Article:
Cinnamon Streusel Babke
MMCC’s Natanya and Lisa were together at a friend’s 50th and spent far too long standing way too close to June Edelmuth’s renowned cinnamon and sugar-swirled babke, peeling off layer after layer of doughy deliciousness. June has become known all over Sydney for this legendary cake; the recipe comes from her Russian grandmother Minka and is now a cherished MMCC favourite.
565 g (3¾ cups/1 lb 4 oz) plain
(all-purpose) flour, plus extra
150 g (⅔ cup/5⅓ oz) caster (superfine) sugar
1 teaspoon salt
60 ml (¼ cup/2 fl oz) warm water
10 g (1½ sachets/3½ teaspoons) active dried yeast
1 teaspoon white (granulated) sugar
1 egg yolk
155 g (5½ oz) unsalted butter
80 ml (⅓ cup/2¾ fl oz) pure (35%) cream
60 ml (¼ cup/2 fl oz) milk
100 g (3½ oz) unsalted butter, melted and lukewarm
80 g (½ cup/2¾ oz) sultanas
25 g (2½ tablespoons/1 oz) ground cinnamon
375 g (1⅔ cups/13¼ oz) caster (superfine) sugar
90 g (⅔ cup/3¼ oz) plain
45 g (1½ oz) unsalted butter, at room temperature, chopped
55 g (¼ cup/2 oz) caster (superfine) sugar
50 g (1¾ oz) unsalted butter, melted
Combine the flour, caster sugar and salt in the bowl of a stand mixer and make a well in the centre. In a separate bowl, combine the warm water, yeast and white sugar and allow to stand for 10 minutes or until frothy, to ensure the yeast is active. In a separate bowl, mix together the eggs and the yolk.
In a small saucepan, warm the butter, cream and milk together until the butter is just melted; do not allow the mixture to boil. Set aside until it is lukewarm. Pour the yeast mixture into the well then add the eggs and the milk mixture. Using a wooden spoon, stir to combine then gradually incorporate the flour until you have a rough dough. Using the dough hook attachment, knead on low – medium speed for 10 minutes or until you have a smooth dough that starts to come away from the sides of the bowl. Cover the bowl with baking paper and plastic wrap and allow to rise in a warm place for 3 hours or until doubled in volume.
To make the cinnamon sugar, combine the cinnamon and sugar in a bowl and set aside.
To make the streusel topping, rub together the flour, butter and sugar with your fingertips to make a fairly fine crumble. Set aside.
Line a round 30 cm (12 inch) cake tin or a deep square 25 cm (10 inch) baking dish. When the dough has risen, punch it down by throwing the dough onto a lightly floured benchtop. Do not knead or add more flour, as this will toughen the dough. Divide into 2 equal pieces. Roll out 1 piece to a large rectangle, about 65 x 40 cm (25½ x 16 inches). Brush with half the melted butter, sprinkle with half the cinnamon sugar and scatter over half the sultanas. Roll up lengthways to form a log. Repeat with the remaining dough.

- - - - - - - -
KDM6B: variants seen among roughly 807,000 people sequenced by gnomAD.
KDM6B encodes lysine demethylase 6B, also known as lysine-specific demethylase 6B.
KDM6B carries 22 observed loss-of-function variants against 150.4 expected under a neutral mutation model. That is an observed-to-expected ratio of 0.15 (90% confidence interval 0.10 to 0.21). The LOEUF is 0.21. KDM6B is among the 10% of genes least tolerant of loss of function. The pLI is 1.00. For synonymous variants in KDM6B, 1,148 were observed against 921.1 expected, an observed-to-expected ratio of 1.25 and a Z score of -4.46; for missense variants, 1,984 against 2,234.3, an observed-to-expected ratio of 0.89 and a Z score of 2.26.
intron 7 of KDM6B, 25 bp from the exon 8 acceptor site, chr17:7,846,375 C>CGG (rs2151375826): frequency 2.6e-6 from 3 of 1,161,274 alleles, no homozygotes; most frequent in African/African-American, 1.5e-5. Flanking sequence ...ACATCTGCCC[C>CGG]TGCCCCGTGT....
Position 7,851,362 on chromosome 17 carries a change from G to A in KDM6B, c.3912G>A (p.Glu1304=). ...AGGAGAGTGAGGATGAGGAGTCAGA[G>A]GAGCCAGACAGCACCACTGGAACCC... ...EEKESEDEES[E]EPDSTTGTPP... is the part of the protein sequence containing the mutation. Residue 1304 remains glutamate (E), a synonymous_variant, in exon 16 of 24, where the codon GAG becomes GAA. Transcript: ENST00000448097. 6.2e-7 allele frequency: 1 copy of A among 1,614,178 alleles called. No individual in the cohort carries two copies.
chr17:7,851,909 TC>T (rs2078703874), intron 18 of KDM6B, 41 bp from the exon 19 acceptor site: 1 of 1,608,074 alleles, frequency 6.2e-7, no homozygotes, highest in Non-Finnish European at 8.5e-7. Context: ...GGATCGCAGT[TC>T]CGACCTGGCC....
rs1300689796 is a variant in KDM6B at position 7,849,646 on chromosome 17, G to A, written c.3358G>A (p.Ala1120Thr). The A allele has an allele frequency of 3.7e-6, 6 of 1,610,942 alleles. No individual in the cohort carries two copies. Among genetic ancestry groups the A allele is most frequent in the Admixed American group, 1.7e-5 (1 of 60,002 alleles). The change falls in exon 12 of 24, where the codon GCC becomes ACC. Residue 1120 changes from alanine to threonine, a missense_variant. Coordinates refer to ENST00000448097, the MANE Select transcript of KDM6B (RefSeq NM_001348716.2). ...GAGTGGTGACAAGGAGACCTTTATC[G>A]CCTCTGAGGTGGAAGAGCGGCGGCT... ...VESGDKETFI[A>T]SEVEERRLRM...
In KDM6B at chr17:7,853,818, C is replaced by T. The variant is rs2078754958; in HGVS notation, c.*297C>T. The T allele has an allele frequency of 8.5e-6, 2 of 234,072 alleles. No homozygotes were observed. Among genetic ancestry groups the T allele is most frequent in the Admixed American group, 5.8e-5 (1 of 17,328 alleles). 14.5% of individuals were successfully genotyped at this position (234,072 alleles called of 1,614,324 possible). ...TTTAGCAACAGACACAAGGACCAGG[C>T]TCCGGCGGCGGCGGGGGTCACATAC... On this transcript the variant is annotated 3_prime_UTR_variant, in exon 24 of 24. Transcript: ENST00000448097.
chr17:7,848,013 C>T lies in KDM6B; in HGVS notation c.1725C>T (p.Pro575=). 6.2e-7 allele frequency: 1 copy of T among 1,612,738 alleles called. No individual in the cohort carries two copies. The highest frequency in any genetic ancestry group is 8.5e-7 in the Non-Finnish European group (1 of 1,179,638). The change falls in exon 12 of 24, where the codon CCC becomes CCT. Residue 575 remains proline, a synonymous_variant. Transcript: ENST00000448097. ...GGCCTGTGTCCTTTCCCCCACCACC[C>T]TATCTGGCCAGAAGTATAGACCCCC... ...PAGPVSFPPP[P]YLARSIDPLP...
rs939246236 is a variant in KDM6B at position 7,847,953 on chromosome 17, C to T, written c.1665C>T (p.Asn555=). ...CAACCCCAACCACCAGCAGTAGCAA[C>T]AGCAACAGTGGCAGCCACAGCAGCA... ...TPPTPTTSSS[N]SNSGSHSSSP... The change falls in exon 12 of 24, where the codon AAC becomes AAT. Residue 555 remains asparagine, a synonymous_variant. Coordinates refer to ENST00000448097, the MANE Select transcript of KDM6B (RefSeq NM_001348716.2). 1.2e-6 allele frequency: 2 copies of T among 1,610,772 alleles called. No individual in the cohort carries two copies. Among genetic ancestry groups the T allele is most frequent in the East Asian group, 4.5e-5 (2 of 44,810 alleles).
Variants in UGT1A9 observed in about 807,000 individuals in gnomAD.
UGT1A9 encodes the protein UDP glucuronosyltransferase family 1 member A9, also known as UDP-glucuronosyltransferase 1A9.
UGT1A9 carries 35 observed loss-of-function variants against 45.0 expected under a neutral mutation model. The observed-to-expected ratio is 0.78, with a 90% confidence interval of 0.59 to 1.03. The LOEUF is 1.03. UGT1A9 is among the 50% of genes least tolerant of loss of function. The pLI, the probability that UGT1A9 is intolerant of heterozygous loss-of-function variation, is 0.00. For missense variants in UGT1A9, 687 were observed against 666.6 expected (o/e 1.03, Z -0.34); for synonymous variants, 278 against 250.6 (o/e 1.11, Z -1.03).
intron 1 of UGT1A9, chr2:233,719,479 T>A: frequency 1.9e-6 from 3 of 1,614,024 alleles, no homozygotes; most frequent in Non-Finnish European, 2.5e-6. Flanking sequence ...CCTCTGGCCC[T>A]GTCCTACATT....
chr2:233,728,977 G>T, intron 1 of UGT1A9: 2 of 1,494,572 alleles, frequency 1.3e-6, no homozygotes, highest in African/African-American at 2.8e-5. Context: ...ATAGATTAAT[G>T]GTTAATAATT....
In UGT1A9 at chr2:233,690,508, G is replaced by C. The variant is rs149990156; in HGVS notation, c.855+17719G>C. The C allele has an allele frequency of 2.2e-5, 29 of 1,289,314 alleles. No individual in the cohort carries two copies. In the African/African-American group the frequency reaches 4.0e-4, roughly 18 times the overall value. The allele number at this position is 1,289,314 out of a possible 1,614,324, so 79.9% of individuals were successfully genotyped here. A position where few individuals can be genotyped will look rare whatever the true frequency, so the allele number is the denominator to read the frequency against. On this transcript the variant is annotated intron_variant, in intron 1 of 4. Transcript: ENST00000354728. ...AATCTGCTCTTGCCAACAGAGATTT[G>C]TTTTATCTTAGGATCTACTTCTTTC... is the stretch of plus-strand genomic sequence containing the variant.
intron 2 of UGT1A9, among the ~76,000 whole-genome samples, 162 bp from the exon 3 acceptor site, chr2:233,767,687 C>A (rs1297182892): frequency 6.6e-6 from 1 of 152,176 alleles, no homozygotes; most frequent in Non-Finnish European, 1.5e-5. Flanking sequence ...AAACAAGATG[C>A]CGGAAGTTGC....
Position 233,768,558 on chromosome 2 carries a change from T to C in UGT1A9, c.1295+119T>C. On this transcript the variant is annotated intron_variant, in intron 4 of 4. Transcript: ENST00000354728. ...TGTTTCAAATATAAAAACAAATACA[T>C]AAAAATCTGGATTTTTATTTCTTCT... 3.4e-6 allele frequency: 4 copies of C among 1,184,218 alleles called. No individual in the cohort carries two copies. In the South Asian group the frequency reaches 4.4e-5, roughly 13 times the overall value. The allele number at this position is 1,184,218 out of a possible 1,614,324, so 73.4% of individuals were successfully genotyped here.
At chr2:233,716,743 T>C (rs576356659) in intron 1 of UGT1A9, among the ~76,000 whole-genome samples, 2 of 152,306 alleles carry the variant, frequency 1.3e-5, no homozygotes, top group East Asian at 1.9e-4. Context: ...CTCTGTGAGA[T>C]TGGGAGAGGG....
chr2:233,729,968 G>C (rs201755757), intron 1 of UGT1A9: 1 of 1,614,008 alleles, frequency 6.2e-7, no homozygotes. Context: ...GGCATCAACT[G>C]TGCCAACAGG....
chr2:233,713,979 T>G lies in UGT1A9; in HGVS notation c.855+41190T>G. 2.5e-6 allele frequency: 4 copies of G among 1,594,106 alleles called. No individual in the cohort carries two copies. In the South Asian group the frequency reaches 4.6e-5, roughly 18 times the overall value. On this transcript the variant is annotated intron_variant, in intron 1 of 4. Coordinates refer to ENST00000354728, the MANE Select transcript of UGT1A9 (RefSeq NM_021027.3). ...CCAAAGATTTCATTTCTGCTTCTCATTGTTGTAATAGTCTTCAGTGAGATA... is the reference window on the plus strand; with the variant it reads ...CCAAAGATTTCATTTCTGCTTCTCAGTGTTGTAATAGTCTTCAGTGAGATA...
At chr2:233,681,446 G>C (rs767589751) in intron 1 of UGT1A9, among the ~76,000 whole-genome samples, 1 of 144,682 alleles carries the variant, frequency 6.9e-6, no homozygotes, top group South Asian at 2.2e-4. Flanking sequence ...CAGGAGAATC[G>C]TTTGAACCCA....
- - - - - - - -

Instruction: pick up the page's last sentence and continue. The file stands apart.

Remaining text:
Cut each log into 5 cm (2 inch) sections. Place these in a circular fashion into the prepared tin, starting from the outside, cut side up, leaving about 1 cm (½ inch) between each one. Once the pieces are all in place and evenly distributed in the tin, press down gently with your hand so they are all the same height. Brush with the extra melted butter and then sprinkle evenly with the streusel topping. Cover with a light tea towel and allow to rise for
a further 2 hours or until almost doubled in volume.
Preheat the oven to 170°C (340°F/Gas 3). Bake for 1 hour or until a skewer inserted into the centre comes out clean. Remove from the oven. Serve warm or cover with a light tea towel until cool. If you wish, reheat it later, wrapped in foil.
Serves about 20
The sisterhood is comprised of Lisa Goldberg, Merelyn Frank Chalmers, Natanya Eskin and Jacqui Israel from Sydney’s Jewish community. They think of themselves as their own little melting pot, which is reflected in their heart-warming and gorgeous books. They live in Sydney, Australia, but come from different backgrounds. Merelyn comes from Perth, with Hungarian heritage. Jacqui started her life on the Sydney north shore with an English background. Lisa is from Melbourne, of Polish stock. Natanya is a Sydney girl with Shanghai/Russian roots. More ideas, more cooking and more love!
In 2006 it all began when they started to meet every Monday morning – to chop and stir, mince and roll, roast and bake, fry and boil. They tasted and ate, laughed and debated, argued and agreed. They culled and vetted, tested and re-tested, and argued and laughed some more. The end result – a curated and fine-tuned collection of brilliant heirloom recipes and stories to share with the world and pass on to the next generation. Over a chopping board and hot stove, with many cups of tea and the odd piece of cake, a unique bond began to form. They started out as a group of individuals and are now a sisterhood. They want to continue to collect, test, curate, share and preserve those treasured recipes from the older generation for their own generation, and for the future.